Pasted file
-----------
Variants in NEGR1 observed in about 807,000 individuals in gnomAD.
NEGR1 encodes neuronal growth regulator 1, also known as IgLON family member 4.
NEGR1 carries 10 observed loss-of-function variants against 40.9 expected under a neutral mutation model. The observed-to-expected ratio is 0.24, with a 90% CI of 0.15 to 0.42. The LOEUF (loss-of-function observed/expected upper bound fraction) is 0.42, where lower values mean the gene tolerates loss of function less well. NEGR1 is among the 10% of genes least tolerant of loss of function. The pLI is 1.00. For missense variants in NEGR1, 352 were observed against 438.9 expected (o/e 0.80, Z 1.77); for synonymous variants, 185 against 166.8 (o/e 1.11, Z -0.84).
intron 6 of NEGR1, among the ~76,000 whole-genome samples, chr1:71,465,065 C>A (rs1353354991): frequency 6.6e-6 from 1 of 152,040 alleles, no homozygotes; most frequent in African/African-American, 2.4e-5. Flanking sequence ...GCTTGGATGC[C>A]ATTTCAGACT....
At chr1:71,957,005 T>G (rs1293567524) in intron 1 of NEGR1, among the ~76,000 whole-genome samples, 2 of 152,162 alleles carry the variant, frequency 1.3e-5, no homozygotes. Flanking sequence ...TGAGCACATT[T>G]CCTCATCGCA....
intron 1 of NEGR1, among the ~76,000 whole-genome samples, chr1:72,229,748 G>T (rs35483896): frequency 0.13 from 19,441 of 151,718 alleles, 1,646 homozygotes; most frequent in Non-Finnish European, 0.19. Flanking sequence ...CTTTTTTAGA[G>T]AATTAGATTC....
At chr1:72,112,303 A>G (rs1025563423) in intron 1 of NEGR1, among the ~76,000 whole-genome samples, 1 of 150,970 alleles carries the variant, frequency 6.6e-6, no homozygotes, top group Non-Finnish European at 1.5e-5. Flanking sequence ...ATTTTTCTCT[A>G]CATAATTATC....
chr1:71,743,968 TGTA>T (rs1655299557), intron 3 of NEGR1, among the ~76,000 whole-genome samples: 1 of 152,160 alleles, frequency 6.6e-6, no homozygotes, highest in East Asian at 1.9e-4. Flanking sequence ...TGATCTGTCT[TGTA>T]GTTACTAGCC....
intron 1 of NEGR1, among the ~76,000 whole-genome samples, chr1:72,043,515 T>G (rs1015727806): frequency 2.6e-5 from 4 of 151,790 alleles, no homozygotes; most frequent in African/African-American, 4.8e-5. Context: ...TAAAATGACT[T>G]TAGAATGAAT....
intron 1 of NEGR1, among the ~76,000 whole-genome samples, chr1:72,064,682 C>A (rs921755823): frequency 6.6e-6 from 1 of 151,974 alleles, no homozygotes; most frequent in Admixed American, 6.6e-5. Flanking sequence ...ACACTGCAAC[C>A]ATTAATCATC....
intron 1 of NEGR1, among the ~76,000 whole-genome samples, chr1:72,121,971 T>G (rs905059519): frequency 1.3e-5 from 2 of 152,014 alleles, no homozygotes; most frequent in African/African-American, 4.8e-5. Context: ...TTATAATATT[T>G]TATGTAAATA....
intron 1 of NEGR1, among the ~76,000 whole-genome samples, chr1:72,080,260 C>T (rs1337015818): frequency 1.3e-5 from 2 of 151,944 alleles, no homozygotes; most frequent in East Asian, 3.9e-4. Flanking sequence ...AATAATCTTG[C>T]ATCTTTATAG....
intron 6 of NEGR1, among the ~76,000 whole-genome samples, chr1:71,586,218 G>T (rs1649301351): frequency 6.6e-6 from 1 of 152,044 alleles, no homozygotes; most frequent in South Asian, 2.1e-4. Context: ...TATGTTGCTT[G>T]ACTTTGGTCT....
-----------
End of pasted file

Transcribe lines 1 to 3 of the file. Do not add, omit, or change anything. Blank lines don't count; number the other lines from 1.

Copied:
Variants in NEGR1 observed in about 807,000 individuals in gnomAD.
NEGR1 encodes neuronal growth regulator 1, also known as IgLON family member 4.
NEGR1 carries 10 observed loss-of-function variants against 40.9 expected under a neutral mutation model. The observed-to-expected ratio is 0.24, with a 90% CI of 0.15 to 0.42. The LOEUF (loss-of-function observed/expected upper bound fraction) is 0.42, where lower values mean the gene tolerates loss of function less well. NEGR1 is among the 10% of genes least tolerant of loss of function. The pLI is 1.00. For missense variants in NEGR1, 352 were observed against 438.9 expected (o/e 0.80, Z 1.77); for synonymous variants, 185 against 166.8 (o/e 1.11, Z -0.84).